I was thinking, Mackie fucking lucky he stopped we from bringing guns in here tonight, f'real. Or we woulda turn his ceiling into swiss chesses, the amount of gunshots that woulda burst for One Blood.
With the drum and bass and the Moet talking to me, plus the smell of sticky girls and sexy ganja, I was sailing higher than a frigging kite. And right about that time, Bull turned around and said to me:
"Wrangla them over there by the Galaga." He was gesturing behind him.
Soon as he said it, that ole, dutty, stinking crow cawed. Sobered me straight, right and fast. I had to rise up on my Bally boot toes to catch a glimpse over Bull shoulder but I spotted them in the corner by the video game in the back of the club. They were definitely watching us. And when our eyes locked, the four of them fanned out onto the dance floor, skanking like wasn't nothing wrong.
And that was all wrong!
They spread out, bouncing around with some random girls, but we could see them lurking - Wrangla and Glass to the left, Mongrel and Boo on the right. I'm thinking: four of them; twelve of we. Ever since Lyla get lick down right outside the club, Mackie was not skinning or grinning with security, nobody couldn't even slip by the metal detector with piece of cigarette foil paper under their clothes. So, what they could try? We had the numbers.
But then, Glass dallied through the crowd, rushing over to our wall. Off pure reflex and instinct, my gun hand dug down into my pants waist, knowing better, but still hoping to God for a miracle.
Shit! Heard that crow caw again. I definitely wasn't high no more.
Let me tell you, Bull solid like a pillar or post, so it was hard to see over and around his shoulder. Next thing I know, though, Glass was standing with his hands buried in his jacket pockets, ranting and railing off, nearly chest to chest with Bull. I couldn't hear a word for sake of the thumping music; but he was running off his mouth non-stop and I knew it was gun talk, wicked talk, cause he was screwing up his mouth like he sucking a green mango or something so. His hands were poking around in his pockets emphasizing whatever foolishness was coming out his mouth.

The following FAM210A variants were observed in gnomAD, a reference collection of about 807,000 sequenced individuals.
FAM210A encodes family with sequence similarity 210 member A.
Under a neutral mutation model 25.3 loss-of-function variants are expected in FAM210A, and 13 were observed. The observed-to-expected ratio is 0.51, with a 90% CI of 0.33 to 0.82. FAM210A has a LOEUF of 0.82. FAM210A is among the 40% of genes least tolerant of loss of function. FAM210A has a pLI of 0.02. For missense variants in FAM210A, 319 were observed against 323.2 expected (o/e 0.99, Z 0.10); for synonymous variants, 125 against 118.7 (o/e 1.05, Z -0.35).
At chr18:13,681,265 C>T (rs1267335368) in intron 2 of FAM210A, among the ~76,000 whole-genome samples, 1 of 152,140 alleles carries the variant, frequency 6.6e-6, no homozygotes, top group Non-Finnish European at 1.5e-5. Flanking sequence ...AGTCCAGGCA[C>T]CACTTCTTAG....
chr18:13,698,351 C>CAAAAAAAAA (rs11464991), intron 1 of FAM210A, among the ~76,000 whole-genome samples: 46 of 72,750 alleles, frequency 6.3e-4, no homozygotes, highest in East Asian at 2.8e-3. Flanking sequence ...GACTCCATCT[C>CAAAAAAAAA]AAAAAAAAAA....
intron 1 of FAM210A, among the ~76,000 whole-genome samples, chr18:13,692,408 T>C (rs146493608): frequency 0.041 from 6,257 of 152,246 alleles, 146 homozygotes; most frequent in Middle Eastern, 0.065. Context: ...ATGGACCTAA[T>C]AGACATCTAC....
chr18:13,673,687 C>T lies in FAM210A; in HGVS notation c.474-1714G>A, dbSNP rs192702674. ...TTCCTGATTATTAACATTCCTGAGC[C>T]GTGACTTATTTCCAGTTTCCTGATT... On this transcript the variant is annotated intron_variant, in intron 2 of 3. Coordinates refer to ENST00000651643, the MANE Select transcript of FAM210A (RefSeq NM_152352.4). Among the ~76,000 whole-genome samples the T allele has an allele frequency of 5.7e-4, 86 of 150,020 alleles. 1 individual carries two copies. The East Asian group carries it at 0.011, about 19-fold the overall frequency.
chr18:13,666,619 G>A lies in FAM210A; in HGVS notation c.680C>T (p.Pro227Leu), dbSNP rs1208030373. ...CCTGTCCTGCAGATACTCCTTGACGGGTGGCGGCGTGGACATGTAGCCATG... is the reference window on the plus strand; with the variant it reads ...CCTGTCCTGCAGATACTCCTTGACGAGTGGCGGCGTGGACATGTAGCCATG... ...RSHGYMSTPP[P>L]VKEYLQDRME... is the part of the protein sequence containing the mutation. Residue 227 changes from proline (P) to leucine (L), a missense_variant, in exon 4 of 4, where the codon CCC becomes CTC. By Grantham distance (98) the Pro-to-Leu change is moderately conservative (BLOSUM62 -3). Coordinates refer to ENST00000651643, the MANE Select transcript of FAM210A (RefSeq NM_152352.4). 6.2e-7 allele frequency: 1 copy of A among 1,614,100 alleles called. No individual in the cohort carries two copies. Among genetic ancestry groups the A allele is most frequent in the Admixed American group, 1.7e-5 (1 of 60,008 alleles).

On my left, Doc and English inched wide. Shortman, on my right, ain't notice nothing yet and his short rass definitely couldn't see over Bull or the crowd, so he was still picking stems out the weed, preparing to roll.
And then, Mongrel and Boo squeezed through the crowded floor and drew up beside Glass, who on cue, backed a Glock .40 out his coat pocket and carried on chatting even more fuckery, going on like a real, big-pussy gyal, now that he had representation beside him.
I gripped the Moet bottle neck. Doc and English did the same.
Bull inched up, closing the gap between him and yappy-yappy mouth Glass. Which in, caught Glass in a place somewhere between disbelief and feeling disrespected. His eyes bulged with confusion.
Mongrel looked at Glass with sour disgust, spit some cuss words at him and snatched the tool right out his confederate's hand. At the same time, Boo backed out a nine millimeter. In one fluid, in-sync motion, the two of them raised the machines and aimed.
My Publishing Journey
by Kaya Omodele @TheAbeng #TheAbeng
My book The Abeng and My Conscious Pen: Cries of Redemption is now in the hands of my editor.
The challenges getting a book published while behind a prison fence are many; obstacles jump up outta darkness like duppies/jumbies in the night. A problem will inevitably roll up like some old higue wanting to suck out all your energy and joy, threatening to transform your process into a nightmare.
But don't worry! Problems are mere opportunities to find creative solutions; so, fret not thyself. The ancient Egyptians found ways to time and harness the disastrous overflowing of the Nile; they converted destructive annual flooding into irrigation from which sprang one of the world's earliest and greatest civilizations. In other words, they made sugar outta ssshhhh (shingles ;-) )
So, right about now, I'm saying "Big up!" to my very own team of ancient Egyptians:
- My editor Tynisha from Dasheen Magazine and Camelitta Ink & Co...
- My publisher Sabrina from Beneath The Surface, Publishing...
- My production manager/marketing and sales specialist Rene...
- And Midnight Express Books for helping me maintain The Abeng and My Conscious Pen platform, not to mention my sanity.
I give nuff thanks and honor, Ladies.
It takes a village, people.